(January 2006) posted on Thu Jan 05, 2006
Plan for 2006 by reviewing 2005.
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By Marty McGhie
Your smartest goals
Having addressed the past, it's now time to examine some
planning strategies for the upcoming year. I suggest you do
so using "SMART" goals"?goals that are specific, measurable,
attainable, relevant, and time-bound:
- Specific: Your goals should be clearly spelled out so there
is no doubt as to what you expect. When goals are specific, they
also become easier to track and measure in terms of progress.
- Measurable: If you want to know whether or not you are
accomplishing your goals, they must be able to be measured.
Without the ability to quantify progress in real terms, you and
your staff can become discouraged and disinterested.
- Attainable: Don't set goals that are unattainable. This can be
tricky because if the goal is too easily achieved, no real growth or
success will occur. On the other hand, if the goal is too difficult to
reach, no real effort will be spent in trying and you will fail. The
best goals are those that require you to stretch to achieve. At
my company, "stretch goals" is a key phrase we use often in our
planning"?whether it be monthly, quarterly, or annually.
- Relevant: Make sure you set goals that, when achieved, will
mean something. If you want your employees to work toward
accomplishing something, they must feel that it's an achievement
that will be relevant to your company's success"?and
ultimately to their own success, too.
- Time-bound: Your goals need to have a beginning point and
an ending point. If the time frame of the goal is structured in an
open-ended manner, then that goal will likely take a back seat
to the daily tasks that will then seem much more imminent and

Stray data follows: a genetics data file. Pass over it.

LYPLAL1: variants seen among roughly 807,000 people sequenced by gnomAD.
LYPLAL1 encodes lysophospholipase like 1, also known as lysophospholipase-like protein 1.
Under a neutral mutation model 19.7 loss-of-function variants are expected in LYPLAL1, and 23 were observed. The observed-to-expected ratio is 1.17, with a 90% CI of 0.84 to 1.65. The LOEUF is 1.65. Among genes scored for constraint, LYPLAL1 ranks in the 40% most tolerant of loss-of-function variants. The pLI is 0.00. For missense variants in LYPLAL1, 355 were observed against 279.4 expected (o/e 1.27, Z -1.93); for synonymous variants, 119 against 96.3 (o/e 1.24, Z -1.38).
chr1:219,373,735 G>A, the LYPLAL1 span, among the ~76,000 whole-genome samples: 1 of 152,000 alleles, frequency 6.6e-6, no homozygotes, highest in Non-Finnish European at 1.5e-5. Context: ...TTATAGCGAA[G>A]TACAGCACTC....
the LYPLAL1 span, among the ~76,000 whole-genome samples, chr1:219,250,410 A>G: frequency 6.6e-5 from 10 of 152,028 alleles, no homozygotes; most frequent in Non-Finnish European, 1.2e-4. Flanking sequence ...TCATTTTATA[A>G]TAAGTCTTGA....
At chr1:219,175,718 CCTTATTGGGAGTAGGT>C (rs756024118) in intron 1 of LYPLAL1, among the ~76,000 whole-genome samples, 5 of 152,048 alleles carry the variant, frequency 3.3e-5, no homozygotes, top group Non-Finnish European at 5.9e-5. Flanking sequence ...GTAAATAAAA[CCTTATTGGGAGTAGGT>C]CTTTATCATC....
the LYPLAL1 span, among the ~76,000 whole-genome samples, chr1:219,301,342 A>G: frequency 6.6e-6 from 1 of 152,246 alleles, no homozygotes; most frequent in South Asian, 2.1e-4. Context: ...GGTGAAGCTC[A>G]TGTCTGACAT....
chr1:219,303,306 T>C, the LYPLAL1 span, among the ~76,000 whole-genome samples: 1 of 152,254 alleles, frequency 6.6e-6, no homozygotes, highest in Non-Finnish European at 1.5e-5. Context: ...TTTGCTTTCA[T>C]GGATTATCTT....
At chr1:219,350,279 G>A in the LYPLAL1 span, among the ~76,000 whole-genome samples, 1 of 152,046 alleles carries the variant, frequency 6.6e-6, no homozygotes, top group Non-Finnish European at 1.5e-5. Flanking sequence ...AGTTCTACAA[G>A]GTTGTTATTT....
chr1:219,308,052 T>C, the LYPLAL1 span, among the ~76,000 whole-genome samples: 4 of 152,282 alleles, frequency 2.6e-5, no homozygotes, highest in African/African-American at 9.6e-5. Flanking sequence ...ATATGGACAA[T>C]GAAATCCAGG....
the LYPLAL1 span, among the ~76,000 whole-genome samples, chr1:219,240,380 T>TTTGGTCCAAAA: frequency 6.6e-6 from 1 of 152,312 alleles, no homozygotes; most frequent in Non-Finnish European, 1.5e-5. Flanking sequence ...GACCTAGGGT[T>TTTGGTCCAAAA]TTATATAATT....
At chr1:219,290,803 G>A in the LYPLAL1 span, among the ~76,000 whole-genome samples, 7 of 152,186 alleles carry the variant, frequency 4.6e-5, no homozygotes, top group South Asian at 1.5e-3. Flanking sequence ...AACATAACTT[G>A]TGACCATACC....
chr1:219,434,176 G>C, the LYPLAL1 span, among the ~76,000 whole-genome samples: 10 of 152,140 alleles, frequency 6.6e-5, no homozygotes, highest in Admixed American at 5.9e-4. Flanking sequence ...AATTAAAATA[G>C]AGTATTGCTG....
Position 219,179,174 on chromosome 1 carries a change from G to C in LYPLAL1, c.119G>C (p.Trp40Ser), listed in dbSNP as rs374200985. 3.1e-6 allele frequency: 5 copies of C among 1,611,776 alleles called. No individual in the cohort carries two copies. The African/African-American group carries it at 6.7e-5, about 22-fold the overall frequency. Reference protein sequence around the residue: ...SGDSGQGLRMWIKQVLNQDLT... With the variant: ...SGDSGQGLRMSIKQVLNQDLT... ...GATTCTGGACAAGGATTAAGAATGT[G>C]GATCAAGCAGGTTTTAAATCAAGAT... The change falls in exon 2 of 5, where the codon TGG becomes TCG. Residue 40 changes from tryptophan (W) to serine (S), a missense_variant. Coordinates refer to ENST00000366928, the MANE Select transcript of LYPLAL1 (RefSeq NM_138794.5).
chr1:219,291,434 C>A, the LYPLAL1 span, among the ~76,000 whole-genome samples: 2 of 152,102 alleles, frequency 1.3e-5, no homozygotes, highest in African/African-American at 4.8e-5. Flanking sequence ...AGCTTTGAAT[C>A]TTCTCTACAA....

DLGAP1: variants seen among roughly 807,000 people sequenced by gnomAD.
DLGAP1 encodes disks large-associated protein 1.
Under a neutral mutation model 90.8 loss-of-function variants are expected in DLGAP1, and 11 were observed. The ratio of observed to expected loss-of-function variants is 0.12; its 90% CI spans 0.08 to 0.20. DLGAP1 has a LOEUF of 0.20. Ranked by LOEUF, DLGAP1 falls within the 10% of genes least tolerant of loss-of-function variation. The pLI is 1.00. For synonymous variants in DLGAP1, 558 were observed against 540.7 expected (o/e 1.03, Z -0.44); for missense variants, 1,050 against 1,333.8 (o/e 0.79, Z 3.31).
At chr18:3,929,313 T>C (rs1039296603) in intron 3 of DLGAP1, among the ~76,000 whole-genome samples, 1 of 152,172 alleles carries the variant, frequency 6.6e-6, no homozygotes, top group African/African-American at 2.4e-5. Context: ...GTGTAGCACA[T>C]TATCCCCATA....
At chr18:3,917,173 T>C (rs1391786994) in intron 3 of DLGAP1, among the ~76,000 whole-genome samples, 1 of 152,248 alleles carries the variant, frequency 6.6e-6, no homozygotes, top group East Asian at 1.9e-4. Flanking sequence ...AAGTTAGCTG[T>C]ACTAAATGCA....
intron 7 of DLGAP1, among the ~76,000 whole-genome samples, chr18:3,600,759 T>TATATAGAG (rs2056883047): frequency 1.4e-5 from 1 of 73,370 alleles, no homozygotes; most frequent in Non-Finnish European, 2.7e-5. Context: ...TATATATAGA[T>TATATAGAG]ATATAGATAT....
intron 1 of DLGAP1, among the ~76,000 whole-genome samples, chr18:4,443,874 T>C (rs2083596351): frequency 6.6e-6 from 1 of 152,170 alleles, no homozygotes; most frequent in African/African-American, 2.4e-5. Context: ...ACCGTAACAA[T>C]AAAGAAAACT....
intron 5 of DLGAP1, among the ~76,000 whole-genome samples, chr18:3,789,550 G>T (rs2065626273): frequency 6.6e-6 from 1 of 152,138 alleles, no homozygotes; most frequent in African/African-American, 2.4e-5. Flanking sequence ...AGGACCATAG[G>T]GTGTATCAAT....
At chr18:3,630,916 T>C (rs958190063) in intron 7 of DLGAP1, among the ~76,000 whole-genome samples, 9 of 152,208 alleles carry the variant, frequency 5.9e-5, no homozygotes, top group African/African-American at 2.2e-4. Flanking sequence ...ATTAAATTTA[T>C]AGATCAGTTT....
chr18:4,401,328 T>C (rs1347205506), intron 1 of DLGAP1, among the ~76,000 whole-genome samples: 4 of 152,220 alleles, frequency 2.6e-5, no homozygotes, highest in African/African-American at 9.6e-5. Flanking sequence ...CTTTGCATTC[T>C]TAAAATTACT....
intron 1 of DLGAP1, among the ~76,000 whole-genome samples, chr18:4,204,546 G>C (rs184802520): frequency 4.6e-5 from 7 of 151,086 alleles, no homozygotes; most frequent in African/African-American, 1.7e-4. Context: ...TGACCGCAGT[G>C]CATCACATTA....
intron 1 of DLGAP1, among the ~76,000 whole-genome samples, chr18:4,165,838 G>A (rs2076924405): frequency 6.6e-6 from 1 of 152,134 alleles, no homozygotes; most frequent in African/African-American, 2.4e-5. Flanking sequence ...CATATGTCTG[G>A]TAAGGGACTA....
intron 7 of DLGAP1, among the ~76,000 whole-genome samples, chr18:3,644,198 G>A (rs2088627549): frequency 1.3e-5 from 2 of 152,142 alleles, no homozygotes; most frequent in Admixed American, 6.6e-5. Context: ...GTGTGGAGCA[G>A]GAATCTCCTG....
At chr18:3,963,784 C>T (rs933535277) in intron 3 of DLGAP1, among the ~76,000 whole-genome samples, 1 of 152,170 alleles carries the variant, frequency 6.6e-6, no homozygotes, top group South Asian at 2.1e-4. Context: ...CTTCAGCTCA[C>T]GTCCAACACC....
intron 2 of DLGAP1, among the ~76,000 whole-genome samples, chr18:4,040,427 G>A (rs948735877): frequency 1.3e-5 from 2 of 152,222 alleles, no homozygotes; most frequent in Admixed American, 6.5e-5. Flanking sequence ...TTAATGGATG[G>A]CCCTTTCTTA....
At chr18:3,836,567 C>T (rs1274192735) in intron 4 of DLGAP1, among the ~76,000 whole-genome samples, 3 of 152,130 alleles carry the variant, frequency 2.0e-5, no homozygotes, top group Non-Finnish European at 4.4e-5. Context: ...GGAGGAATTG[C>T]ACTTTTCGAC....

time critical. The goal will eventually die on the back burner.
The calendar is not the boss
Two final points to keep in mind when it comes to setting company
goals for 2006 have to do with the calendar and the number
of goals you set.
Sometimes, to our detriment, we allow the calendar to
define our successes and failures"?slotting our goals into specific
time periods, and then allowing the schedule to become the
objective rather than the task you're actually trying to achieve.
But meeting a specific goal may indeed take 14 or 15 months
to complete rather than the 12 months you originally thought.
That's okay"?if the goal is a critical one, what's important is that
you meet that goal and do it well, not necessarily that you hit a
certain internally set date.
Another trap many companies fall into is setting too many
goals. If your goals are too overwhelming in quantity, you'll
likely lose focus and energy in trying to achieve them all. In
fact, you'll end up accomplishing very little. Setting a realistic
number of goals is the best way to ensure a successful 2006.
Marty McGhie (firstname.lastname@example.org) is VP finance/
operations of Ferrari Color, a digital-imaging center with
Salt Lake City, San Francisco, and Sacramento locations.